Delaware and New Jersey as Dutch and Swedish Colonies

Delaware isn't a state many people visit, or think about on a regular basis. It's the second smallest by area and sixth smallest by population, largely off the beaten track in terms of travel and transport. New Jersey by contrast gets a lot more notoriety, but often as the butt of jokes. Did you know, though, that Delaware and New Jersey have some pretty interesting and unique early colonial history? I bet you didn't, so keep reading to find out more.

I discovered that Delaware is the final state I need to collect on my Flag Counter, so yes, this is in some ways a self-interested post. However, I actually started writing this with the emphasis on New Jersey, so after my discovery with Flag Counter I decided to talk about them both. I've never exactly been sure why New Jersey gets picked on so much. From my Far West perspective, I don't see much to differentiate it from Maryland or Connecticut - medium-to-small East Coast states with a few big cities and lots of suburbia. Perhaps New Jersey is bullied because it's wedged between the huge urban centers of New York and Philadelphia. My only real experience of New Jersey (recounted here) was quite suburban indeed: I visited Princeton after getting on their admissions waitlist, and then I never went back.

a map of New Sweden
Once I came to Georgetown, I found there were a lot of Hoyas from New Jersey, and I continued to hear their state ridiculed. Back in March, I heard a classmate talking about how relatively uninteresting learning the history of her state was. I intervened upon hearing this low-point in state pride, since I figure every state has history worth taking an interest in. I asked her, "Did you know New Jersey was actually a Swedish colony?" She didn't, and I bet YOU didn't either.

I certainly hadn't known that Delaware and New Jersey (or rather certain parts of them) made up a Swedish colony. I had discovered it weeks earlier, reading The Founders of America by Francis Jennings. In it, Jennings would often refer generically to "the British, the French, the Dutch and the Swedes" who colonized northeastern North America, and for some time I was entirely confused by his constant inclusion of Sweden. I had known that Scandinavians became involved in the colonization of a few islands in the Caribbean - and made money off of slave plantations and the like - but in fact New Sweden was a colony on the Delaware River, and though it only lasted seventeen years (1638-1655), it is certainly an interesting episode in the 17th century history of the eastern United States.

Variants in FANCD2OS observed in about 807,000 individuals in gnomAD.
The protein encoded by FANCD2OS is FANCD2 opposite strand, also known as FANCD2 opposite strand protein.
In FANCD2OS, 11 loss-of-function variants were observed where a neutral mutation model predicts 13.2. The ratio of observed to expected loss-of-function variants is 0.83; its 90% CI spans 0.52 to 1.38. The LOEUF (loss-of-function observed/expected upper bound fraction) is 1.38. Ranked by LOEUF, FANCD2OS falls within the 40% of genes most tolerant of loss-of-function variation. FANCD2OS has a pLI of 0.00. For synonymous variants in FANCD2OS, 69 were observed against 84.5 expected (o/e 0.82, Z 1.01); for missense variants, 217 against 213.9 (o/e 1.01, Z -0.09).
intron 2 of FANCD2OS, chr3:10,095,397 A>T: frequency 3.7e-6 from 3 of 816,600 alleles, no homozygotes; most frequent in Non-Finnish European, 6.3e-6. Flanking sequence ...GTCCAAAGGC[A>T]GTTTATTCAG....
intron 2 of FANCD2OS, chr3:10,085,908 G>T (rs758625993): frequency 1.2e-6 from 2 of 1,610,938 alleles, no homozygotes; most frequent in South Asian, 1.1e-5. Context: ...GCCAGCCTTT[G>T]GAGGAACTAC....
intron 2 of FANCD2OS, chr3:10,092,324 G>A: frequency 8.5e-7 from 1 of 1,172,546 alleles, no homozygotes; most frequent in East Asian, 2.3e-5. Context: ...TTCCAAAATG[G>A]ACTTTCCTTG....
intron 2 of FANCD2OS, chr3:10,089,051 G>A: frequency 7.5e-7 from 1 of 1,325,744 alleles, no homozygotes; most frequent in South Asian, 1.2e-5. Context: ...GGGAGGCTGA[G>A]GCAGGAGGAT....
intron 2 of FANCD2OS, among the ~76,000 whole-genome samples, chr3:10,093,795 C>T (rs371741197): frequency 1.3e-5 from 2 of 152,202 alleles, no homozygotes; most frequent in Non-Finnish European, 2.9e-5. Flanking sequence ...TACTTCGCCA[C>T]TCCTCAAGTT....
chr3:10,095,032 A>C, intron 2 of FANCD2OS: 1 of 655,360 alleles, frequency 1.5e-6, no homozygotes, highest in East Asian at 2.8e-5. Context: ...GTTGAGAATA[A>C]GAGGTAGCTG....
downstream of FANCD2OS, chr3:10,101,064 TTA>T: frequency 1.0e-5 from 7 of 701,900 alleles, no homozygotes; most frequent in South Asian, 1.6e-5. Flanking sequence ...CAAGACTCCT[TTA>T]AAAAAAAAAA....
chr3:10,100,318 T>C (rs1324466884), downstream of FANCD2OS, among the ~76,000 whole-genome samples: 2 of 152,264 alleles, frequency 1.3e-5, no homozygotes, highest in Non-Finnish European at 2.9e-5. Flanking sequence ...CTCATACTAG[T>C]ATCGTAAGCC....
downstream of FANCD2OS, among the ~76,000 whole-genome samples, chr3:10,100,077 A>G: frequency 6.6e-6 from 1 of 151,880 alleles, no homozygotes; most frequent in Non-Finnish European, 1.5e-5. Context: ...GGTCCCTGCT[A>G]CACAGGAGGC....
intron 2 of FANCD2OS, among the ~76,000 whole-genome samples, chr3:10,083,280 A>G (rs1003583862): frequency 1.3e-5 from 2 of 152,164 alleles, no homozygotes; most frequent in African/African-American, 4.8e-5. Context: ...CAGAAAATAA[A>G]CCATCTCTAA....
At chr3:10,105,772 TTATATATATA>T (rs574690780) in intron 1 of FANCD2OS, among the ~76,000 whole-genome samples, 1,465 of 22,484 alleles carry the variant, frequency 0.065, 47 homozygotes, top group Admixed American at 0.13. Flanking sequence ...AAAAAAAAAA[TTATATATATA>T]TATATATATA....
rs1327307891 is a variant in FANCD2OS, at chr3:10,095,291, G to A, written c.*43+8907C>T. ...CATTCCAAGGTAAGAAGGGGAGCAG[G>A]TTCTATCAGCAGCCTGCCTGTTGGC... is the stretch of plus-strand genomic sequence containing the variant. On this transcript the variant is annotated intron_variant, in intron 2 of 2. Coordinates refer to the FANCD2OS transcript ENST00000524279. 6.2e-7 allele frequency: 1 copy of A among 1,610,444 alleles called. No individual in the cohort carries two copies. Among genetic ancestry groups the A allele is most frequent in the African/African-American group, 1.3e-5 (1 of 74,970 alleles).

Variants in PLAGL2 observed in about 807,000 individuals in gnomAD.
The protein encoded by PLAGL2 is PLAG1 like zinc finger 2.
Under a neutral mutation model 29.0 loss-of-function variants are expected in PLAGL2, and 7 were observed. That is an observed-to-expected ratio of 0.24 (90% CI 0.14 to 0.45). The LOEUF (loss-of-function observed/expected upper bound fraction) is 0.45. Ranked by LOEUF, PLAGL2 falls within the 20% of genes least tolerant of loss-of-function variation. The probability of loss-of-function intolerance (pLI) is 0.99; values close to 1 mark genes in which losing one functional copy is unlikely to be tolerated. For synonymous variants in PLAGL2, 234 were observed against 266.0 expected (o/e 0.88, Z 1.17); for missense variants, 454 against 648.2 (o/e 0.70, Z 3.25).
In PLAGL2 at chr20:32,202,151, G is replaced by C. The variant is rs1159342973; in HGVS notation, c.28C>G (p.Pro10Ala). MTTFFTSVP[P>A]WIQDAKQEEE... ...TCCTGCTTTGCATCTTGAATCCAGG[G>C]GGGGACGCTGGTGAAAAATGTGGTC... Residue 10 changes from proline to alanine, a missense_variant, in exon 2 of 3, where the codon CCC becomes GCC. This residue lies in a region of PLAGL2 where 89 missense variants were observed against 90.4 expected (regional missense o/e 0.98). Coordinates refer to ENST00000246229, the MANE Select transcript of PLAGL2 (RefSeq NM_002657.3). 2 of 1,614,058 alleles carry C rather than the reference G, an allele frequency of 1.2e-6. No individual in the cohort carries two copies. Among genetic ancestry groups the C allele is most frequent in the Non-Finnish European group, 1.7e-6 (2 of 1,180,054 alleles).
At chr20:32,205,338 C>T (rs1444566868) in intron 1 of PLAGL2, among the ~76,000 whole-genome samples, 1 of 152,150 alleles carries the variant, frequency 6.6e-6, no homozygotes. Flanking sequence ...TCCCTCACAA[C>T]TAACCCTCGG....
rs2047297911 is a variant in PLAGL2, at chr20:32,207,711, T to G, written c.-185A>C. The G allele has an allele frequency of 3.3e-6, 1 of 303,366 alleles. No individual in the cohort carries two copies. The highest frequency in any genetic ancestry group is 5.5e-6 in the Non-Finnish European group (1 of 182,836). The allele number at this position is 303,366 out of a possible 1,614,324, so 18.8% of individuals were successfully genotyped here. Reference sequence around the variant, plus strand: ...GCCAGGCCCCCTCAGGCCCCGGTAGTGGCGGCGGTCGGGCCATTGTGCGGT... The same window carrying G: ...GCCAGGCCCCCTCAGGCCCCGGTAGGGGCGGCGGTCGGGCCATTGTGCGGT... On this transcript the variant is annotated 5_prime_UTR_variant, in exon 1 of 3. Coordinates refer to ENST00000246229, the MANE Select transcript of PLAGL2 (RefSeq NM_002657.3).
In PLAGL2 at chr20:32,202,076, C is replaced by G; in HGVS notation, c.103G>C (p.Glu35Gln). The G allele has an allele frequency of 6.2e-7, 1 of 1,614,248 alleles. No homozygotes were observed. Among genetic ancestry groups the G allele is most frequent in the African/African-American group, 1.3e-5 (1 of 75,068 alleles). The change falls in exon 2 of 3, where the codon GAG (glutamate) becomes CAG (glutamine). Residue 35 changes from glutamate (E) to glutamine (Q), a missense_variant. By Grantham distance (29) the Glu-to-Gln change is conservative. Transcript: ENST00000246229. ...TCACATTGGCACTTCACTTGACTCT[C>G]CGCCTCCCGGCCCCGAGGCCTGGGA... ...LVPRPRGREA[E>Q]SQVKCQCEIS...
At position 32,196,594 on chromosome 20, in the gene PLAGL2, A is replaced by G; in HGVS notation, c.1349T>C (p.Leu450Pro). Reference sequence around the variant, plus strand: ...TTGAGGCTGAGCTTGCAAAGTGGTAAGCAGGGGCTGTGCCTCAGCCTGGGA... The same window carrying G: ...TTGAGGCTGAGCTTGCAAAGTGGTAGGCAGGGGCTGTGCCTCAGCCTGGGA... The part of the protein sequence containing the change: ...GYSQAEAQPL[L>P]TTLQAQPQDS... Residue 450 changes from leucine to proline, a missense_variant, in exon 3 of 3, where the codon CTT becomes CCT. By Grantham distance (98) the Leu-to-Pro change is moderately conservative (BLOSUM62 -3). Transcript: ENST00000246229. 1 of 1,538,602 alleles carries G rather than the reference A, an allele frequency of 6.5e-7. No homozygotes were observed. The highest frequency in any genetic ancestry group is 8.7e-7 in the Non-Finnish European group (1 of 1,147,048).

Peter Minuit
Before and after New Sweden, of course, Native people inhabited the Delaware River area, but the region was claimed by the Dutch as New Netherland, centered on the settlement of New Amsterdam, now New York. (See my attitude toward our acceptance of such wide-ranging land claims here.) The Europeans themselves knew how tenuous such claims were, so Sweden established its colony in spite of Dutch disapproval. Ironically, the founding expedition that departed Sweden in 1637 was led by Peter Minuit, the Dutch-German explorer who helped found New Netherland and New Amsterdam during the previous decade. The expedition built Fort Christina at the site of present-day Wilmington, Delaware's largest city. In following years there were more settlers shipped in, more forts and communities built, interaction with Natives conducted, and profits from trade collected. The settlers were also involved with lands now in Pennsylvania and Maryland.

As often happens in this sort of Euro-centric view of North American history, conflict on the other side of the Atlantic sparked changes in the colonial status quo. When the Second Northern War started in 1655, the Dutch took the opportunity to conquer New Sweden and incorporate the settlers into New Netherland. This lasted fewer than ten years, however, as the British conquered the colony in the fall of 1664 at the start of the Second Anglo-Dutch War, thereby helping lead to a consolidated strip of British claims along the eastern seaboard of the continent that became what Americans know as "the thirteen original colonies."

So, even if New Jersey continues to be a common punchline and Delaware is mostly ignored, no one should say they don't have some interesting history. Whenever I'm in either state next, I'll be sure to look for some 17th century forts.